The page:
And it should come as no surprise to anyone that drivers on the bridge are already behaving badly.

Rendering from From 6th Street Viaduct Twitter account.

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CalBike Executive Director Dave Snyder is leaving the statewide bicycle advocacy group.

Snyder has led the California Bicycle Coalition, better known as Calbike, nearly half of its existence, joining the 26-year old organization in 2010.

According to a press release posted by Bicycle Retailer and Industry News,

Under Snyder’s leadership, CalBike’s tenacious, hardworking team has passed model e-bike legislation, pushed through Complete Streets reform at Caltrans, defeated a helmet mandate, legalized protected bike lanes, and gotten several bills passed to protect bicyclists, including the Three Feet for Safety Law requiring motorists to give bicyclists 3 feet of space when passing. They have gotten more funding for bicycling as well, securing an increase in state-level funding for biking and walking from around $100M to over $1 billion, and winning $10M for e-bike purchase incentives.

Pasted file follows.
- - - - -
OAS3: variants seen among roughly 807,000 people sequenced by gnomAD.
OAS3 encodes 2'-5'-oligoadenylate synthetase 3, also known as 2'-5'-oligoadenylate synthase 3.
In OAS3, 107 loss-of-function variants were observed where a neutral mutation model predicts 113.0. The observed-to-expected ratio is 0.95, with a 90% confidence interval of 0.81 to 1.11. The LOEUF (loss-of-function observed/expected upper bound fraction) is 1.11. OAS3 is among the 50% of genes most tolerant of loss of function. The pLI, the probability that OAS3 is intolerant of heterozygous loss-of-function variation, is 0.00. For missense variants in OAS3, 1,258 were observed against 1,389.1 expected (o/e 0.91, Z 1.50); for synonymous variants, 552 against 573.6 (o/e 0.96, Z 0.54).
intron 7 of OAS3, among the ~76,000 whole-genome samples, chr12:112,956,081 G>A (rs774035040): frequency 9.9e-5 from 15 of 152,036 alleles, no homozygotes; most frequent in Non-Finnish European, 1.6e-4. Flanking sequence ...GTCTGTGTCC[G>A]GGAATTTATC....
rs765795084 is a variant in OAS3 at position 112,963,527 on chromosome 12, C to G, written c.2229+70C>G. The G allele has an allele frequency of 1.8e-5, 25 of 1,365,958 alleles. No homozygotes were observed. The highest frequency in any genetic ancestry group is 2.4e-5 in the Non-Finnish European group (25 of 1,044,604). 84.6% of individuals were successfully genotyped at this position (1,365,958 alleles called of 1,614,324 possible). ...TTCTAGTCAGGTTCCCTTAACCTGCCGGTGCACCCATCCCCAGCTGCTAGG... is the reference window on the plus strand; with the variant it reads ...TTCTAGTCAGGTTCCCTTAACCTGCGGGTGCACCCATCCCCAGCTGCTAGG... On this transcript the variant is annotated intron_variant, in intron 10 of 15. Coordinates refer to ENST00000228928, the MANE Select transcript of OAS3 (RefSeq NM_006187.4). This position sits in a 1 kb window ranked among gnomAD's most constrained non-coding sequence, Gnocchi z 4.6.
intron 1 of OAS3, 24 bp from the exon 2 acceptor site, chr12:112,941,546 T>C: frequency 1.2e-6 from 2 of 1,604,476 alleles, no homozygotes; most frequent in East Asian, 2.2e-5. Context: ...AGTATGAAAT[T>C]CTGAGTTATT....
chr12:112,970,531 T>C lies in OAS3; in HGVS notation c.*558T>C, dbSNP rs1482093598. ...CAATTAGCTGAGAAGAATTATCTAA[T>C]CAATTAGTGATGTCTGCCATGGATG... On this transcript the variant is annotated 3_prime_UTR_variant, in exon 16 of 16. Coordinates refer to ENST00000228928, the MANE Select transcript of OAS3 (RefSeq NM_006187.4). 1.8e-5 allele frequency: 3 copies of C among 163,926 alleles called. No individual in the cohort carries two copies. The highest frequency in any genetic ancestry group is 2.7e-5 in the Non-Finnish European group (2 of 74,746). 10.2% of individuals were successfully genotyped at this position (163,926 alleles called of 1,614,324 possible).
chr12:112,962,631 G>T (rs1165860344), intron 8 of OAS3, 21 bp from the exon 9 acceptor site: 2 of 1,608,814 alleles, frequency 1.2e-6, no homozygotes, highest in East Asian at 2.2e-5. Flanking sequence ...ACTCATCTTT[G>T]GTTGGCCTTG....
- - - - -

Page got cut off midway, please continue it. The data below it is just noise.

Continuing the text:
CalBike has helped to coordinate more than twenty local advocacy organizations with a combined membership of over 100,000, influencing elections for the California State Assembly and Senate and building support for ballot measures such as the successful defeat in 2018 of a proposed repeal of the gas tax.

He’s leaving to take a position as Senior Director of Local Innovation with Colorado-based People For Bikes.